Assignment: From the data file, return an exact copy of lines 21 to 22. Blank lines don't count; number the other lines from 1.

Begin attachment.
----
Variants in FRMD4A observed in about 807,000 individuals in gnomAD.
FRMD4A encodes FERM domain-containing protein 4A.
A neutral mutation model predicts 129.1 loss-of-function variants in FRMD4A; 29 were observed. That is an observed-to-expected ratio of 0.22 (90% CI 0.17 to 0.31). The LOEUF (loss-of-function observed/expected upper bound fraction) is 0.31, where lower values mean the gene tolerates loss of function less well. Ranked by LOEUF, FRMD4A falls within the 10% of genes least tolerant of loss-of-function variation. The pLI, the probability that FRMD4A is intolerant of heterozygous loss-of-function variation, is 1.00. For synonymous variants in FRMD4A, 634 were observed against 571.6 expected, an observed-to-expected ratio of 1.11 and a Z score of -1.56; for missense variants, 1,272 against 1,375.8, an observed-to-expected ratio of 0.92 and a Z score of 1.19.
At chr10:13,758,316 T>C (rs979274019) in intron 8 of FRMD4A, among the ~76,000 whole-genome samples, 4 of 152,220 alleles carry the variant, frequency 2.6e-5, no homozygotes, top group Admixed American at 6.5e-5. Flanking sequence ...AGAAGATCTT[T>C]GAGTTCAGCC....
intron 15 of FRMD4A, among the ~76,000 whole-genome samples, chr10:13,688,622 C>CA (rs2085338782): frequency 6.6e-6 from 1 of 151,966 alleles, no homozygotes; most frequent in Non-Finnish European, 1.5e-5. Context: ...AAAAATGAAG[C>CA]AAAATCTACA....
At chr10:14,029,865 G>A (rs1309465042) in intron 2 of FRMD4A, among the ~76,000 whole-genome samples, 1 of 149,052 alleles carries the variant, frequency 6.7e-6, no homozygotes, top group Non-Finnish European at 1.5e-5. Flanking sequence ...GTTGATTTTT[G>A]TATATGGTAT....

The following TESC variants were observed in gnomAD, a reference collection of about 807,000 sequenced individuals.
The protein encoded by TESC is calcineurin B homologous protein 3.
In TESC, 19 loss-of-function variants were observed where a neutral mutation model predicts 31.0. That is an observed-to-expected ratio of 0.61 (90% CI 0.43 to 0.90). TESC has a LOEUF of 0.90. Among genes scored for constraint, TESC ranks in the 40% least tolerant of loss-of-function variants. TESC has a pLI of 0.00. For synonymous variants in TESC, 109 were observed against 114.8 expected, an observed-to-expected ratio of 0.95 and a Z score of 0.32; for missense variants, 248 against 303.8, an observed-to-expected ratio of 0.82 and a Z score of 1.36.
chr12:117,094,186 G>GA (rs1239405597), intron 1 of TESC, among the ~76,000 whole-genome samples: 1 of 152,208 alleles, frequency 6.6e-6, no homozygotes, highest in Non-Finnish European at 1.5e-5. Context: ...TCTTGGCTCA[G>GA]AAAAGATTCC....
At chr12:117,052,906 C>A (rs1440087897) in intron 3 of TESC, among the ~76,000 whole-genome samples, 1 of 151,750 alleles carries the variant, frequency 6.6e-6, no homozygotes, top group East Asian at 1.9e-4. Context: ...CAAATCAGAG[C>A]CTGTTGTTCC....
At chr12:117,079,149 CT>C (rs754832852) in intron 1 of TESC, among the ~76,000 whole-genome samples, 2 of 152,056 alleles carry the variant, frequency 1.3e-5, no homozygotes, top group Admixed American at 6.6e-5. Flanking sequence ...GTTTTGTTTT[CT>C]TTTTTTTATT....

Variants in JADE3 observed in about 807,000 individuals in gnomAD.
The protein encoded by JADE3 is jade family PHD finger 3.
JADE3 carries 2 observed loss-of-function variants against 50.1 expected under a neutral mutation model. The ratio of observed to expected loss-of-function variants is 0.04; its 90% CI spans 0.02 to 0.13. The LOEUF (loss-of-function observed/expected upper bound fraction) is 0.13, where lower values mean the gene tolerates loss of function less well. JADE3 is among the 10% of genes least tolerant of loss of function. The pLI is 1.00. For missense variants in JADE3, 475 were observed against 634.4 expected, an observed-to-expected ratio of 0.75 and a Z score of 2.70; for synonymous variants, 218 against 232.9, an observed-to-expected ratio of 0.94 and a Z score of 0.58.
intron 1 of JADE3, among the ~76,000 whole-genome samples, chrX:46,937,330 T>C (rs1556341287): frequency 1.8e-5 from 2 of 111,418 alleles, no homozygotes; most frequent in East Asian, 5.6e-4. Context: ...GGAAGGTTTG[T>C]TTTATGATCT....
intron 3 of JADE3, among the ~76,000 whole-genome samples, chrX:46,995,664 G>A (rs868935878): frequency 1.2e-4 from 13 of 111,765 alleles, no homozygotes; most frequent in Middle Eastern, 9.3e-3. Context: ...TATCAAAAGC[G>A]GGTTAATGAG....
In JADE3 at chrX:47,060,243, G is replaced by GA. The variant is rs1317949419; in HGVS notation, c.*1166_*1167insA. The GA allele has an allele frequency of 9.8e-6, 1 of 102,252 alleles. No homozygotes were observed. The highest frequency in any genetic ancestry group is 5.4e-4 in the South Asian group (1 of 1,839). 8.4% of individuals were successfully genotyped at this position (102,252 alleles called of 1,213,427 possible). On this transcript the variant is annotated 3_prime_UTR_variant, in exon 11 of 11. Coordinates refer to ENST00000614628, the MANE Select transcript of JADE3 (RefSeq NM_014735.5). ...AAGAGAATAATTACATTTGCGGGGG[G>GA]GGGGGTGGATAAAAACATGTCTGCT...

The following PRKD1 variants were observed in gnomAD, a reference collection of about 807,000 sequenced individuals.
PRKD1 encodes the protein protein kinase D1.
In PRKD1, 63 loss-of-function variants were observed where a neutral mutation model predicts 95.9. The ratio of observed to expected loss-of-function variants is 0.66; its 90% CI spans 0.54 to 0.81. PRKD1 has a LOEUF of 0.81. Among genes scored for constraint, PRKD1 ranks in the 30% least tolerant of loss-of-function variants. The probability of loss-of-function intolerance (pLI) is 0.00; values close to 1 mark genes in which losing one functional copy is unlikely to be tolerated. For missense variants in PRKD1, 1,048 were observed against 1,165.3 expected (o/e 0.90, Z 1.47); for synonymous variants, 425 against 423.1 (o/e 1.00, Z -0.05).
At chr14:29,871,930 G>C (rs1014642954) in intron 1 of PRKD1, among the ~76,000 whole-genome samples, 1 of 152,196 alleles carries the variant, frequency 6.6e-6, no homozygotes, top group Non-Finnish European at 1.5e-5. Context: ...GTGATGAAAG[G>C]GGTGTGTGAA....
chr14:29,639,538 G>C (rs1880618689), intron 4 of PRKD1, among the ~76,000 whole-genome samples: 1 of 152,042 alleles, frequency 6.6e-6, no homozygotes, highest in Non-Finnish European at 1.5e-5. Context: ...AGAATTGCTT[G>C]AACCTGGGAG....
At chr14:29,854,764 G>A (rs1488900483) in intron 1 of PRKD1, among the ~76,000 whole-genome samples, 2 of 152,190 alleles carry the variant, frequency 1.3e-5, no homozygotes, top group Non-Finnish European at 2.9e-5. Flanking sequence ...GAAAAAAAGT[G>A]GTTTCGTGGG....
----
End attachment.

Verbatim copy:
In PRKD1, 63 loss-of-function variants were observed where a neutral mutation model predicts 95.9. The ratio of observed to expected loss-of-function variants is 0.66; its 90% CI spans 0.54 to 0.81. PRKD1 has a LOEUF of 0.81. Among genes scored for constraint, PRKD1 ranks in the 30% least tolerant of loss-of-function variants. The probability of loss-of-function intolerance (pLI) is 0.00; values close to 1 mark genes in which losing one functional copy is unlikely to be tolerated. For missense variants in PRKD1, 1,048 were observed against 1,165.3 expected (o/e 0.90, Z 1.47); for synonymous variants, 425 against 423.1 (o/e 1.00, Z -0.05).
At chr14:29,871,930 G>C (rs1014642954) in intron 1 of PRKD1, among the ~76,000 whole-genome samples, 1 of 152,196 alleles carries the variant, frequency 6.6e-6, no homozygotes, top group Non-Finnish European at 1.5e-5. Context: ...GTGATGAAAG[G>C]GGTGTGTGAA....